Some further Private Use Area code points for ligatures.
The following document, which is in German, contains some interesting illustrations of ligatures.
I have taken the opportunity to look through the collection of ligatures in those illustrations and to encode those which were not already encoded, either in regular Unicode or in previous documents in this series.
I have also looked at the document The Gutenberg Press from Walden Font.
I have used some of the characters found there, on page 14, to define U+E779 through to U+E77F. As it happens, I looked through the set of abbreviations and ligatures listed as being used by Gutenberg and found seven ligatures which were not previously encoded in either regular Unicode or in this series of documents. This fitted conveniently into a sequence of seven previously unused code points. I have not attempted to encode the abbreviations used by Gutenberg.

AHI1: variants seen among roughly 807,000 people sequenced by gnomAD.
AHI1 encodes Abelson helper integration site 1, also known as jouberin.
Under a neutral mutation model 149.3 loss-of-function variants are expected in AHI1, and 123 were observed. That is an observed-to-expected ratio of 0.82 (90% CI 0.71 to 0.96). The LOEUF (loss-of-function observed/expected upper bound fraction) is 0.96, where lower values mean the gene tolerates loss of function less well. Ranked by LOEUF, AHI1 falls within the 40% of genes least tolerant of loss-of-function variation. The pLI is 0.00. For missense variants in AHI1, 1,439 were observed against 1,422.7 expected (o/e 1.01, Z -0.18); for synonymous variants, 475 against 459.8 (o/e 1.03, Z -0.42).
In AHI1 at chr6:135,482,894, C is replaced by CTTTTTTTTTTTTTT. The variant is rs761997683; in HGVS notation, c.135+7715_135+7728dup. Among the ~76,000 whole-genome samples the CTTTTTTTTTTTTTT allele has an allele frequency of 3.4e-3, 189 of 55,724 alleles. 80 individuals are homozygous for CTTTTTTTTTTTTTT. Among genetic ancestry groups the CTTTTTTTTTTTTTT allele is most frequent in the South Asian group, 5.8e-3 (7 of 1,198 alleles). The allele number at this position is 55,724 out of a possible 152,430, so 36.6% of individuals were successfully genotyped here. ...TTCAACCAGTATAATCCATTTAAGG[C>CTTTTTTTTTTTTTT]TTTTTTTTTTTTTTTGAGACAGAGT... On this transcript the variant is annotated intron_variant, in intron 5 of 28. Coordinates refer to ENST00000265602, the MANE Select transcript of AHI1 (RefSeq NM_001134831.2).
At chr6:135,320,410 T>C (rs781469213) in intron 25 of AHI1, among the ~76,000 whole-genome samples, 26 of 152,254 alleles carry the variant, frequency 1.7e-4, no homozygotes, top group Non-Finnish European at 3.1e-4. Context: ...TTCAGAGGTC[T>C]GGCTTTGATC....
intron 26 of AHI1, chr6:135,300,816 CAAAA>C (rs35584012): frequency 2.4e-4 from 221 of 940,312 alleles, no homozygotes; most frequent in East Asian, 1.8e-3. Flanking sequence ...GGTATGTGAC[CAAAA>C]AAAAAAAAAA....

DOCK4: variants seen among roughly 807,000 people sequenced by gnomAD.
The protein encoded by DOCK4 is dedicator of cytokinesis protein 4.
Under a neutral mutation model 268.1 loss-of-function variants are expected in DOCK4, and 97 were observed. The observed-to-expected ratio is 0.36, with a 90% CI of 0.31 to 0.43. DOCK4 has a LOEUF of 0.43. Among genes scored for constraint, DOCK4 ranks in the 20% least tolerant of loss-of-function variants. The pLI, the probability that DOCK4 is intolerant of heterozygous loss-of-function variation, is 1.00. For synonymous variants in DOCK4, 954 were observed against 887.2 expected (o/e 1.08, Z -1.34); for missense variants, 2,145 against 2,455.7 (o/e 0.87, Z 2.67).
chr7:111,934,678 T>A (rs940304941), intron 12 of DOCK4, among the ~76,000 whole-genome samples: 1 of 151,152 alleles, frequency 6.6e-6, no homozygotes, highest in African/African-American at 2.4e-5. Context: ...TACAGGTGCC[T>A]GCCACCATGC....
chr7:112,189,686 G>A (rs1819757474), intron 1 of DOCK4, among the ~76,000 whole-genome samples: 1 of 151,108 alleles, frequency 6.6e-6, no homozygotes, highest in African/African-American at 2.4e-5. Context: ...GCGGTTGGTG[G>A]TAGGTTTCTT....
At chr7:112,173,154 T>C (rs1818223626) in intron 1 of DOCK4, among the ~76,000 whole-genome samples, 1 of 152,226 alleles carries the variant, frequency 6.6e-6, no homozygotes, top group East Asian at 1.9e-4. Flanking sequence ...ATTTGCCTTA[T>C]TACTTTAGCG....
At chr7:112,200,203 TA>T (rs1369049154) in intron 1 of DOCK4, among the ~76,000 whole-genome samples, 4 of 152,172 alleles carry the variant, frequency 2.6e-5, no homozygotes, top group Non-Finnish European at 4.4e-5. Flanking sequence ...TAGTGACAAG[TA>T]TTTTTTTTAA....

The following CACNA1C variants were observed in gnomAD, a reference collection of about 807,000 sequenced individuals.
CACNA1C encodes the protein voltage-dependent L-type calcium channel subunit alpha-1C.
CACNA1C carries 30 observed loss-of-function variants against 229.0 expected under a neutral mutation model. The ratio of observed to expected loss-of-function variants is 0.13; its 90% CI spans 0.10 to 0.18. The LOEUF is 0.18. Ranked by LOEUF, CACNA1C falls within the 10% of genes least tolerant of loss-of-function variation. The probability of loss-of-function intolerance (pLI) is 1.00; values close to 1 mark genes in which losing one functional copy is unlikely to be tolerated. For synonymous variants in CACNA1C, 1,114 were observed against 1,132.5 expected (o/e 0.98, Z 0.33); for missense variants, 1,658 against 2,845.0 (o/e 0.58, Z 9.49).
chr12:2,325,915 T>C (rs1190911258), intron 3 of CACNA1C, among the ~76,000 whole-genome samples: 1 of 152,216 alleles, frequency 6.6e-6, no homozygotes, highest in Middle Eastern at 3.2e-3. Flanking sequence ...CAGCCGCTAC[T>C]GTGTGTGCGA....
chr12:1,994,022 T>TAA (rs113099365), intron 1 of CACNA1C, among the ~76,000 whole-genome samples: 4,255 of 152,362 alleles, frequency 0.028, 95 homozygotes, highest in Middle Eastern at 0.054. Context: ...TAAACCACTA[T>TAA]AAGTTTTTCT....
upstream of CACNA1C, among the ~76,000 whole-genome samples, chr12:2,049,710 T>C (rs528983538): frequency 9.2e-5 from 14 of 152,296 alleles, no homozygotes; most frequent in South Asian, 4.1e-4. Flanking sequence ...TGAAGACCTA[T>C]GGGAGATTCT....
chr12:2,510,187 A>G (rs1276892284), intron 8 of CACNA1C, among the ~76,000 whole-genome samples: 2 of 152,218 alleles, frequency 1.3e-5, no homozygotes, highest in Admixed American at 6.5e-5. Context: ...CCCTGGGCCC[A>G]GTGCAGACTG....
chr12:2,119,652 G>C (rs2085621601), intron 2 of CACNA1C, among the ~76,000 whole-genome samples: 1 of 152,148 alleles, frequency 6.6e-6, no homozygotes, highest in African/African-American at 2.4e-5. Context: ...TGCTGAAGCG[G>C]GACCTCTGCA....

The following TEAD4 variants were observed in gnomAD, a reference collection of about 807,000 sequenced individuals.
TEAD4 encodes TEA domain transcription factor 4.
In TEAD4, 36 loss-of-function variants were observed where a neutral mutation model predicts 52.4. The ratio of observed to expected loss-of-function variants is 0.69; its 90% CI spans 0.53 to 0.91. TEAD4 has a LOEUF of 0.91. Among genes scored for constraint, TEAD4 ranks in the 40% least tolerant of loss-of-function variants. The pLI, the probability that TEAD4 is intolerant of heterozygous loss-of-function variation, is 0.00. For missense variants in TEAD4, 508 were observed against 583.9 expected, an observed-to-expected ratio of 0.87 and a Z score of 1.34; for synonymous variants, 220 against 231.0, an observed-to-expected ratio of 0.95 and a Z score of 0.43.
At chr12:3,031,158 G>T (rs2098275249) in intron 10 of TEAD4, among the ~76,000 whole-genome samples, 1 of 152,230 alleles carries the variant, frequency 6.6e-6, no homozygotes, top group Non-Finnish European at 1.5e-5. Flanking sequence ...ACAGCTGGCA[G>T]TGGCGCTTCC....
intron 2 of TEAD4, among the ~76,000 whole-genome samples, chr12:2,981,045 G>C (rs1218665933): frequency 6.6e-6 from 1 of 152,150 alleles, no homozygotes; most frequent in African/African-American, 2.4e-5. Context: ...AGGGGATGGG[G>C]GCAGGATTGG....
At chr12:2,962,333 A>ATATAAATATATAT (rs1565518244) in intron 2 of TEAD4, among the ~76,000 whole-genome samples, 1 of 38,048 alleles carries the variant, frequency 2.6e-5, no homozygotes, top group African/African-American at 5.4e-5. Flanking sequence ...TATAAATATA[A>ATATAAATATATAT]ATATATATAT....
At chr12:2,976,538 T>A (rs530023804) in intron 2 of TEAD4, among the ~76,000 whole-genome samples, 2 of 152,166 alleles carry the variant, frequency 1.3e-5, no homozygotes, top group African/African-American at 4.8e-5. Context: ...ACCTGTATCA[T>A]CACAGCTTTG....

The attention of readers is drawn to the following regular Unicode character as that character is included in an illustration in the first document referenced above yet not previously mentioned in this series of documents.
U+0133 LATIN SMALL LIGATURE IJ
Here are the code points. They may be used within any desired font that readers choose to use them in, yet readers are asked to note that these ligatures are here defined as a result of source material in a black letter Gothic fount, so they may not find much use in computer fonts that are for other than black letter Gothic.
The following eight code point allocations are included as display variants of previously encoded items so that both variants may coexist in a document encoded in a plain text format and displayed with an ordinary TrueType font.
U+E7B0 long s with no descender
U+E7B1 long s long s with no descenders
U+E7B2 long s long s i with no descenders
U+E7B3 long s t with no descender
U+E7B4 a with an e as an accent
U+E7B5 e with an e as an accent
U+E7B6 o with an e as an accent
U+E7B7 u with an e as an accent
20 July 2002
This file is accessible as follows.